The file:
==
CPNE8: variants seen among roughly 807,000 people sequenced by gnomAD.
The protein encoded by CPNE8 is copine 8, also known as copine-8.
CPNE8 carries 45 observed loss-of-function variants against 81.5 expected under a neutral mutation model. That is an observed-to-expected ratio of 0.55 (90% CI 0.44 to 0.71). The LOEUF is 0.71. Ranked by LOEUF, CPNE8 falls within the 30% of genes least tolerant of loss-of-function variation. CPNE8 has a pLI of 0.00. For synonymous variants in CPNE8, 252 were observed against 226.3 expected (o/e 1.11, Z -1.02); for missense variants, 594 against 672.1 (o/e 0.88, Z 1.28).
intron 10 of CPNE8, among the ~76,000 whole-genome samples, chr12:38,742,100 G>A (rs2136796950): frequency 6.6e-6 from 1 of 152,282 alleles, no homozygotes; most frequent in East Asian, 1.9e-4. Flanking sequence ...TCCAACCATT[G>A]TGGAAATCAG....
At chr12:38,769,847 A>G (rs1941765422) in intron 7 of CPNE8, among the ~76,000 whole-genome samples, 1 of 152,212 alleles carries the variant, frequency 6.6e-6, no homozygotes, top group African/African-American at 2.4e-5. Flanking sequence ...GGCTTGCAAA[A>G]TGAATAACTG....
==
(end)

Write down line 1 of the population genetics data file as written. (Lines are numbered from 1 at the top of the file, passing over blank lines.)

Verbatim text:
CPNE8: variants seen among roughly 807,000 people sequenced by gnomAD.